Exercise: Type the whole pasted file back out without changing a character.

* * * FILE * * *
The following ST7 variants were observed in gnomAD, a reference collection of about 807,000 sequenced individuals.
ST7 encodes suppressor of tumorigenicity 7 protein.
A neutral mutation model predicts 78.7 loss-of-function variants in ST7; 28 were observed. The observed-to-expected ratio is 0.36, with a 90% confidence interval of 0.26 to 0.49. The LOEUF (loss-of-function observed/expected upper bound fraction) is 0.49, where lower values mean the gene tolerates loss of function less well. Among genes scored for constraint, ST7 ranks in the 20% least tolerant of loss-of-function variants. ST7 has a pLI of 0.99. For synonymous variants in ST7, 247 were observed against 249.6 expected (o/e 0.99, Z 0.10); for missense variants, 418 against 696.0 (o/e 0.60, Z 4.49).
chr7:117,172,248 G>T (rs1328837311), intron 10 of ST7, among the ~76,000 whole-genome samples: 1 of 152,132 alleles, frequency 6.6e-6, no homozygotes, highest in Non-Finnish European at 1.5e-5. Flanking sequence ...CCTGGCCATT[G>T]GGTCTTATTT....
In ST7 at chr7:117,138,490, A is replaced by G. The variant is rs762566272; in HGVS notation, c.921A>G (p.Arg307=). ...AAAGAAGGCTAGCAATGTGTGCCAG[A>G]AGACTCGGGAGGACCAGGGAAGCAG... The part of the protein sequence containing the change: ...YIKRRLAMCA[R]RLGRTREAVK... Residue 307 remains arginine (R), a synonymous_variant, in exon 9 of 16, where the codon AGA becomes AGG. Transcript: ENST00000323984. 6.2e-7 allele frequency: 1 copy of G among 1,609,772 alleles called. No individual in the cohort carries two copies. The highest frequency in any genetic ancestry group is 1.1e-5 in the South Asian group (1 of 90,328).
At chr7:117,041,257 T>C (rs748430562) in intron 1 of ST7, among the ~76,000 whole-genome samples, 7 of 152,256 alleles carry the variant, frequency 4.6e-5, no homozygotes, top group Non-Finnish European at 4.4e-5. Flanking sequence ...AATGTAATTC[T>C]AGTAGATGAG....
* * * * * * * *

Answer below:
The following ST7 variants were observed in gnomAD, a reference collection of about 807,000 sequenced individuals.
ST7 encodes suppressor of tumorigenicity 7 protein.
A neutral mutation model predicts 78.7 loss-of-function variants in ST7; 28 were observed. The observed-to-expected ratio is 0.36, with a 90% confidence interval of 0.26 to 0.49. The LOEUF (loss-of-function observed/expected upper bound fraction) is 0.49, where lower values mean the gene tolerates loss of function less well. Among genes scored for constraint, ST7 ranks in the 20% least tolerant of loss-of-function variants. ST7 has a pLI of 0.99. For synonymous variants in ST7, 247 were observed against 249.6 expected (o/e 0.99, Z 0.10); for missense variants, 418 against 696.0 (o/e 0.60, Z 4.49).
chr7:117,172,248 G>T (rs1328837311), intron 10 of ST7, among the ~76,000 whole-genome samples: 1 of 152,132 alleles, frequency 6.6e-6, no homozygotes, highest in Non-Finnish European at 1.5e-5. Flanking sequence ...CCTGGCCATT[G>T]GGTCTTATTT....
In ST7 at chr7:117,138,490, A is replaced by G. The variant is rs762566272; in HGVS notation, c.921A>G (p.Arg307=). ...AAAGAAGGCTAGCAATGTGTGCCAG[A>G]AGACTCGGGAGGACCAGGGAAGCAG... The part of the protein sequence containing the change: ...YIKRRLAMCA[R]RLGRTREAVK... Residue 307 remains arginine (R), a synonymous_variant, in exon 9 of 16, where the codon AGA becomes AGG. Transcript: ENST00000323984. 6.2e-7 allele frequency: 1 copy of G among 1,609,772 alleles called. No individual in the cohort carries two copies. The highest frequency in any genetic ancestry group is 1.1e-5 in the South Asian group (1 of 90,328).
At chr7:117,041,257 T>C (rs748430562) in intron 1 of ST7, among the ~76,000 whole-genome samples, 7 of 152,256 alleles carry the variant, frequency 4.6e-5, no homozygotes, top group Non-Finnish European at 4.4e-5. Flanking sequence ...AATGTAATTC[T>C]AGTAGATGAG....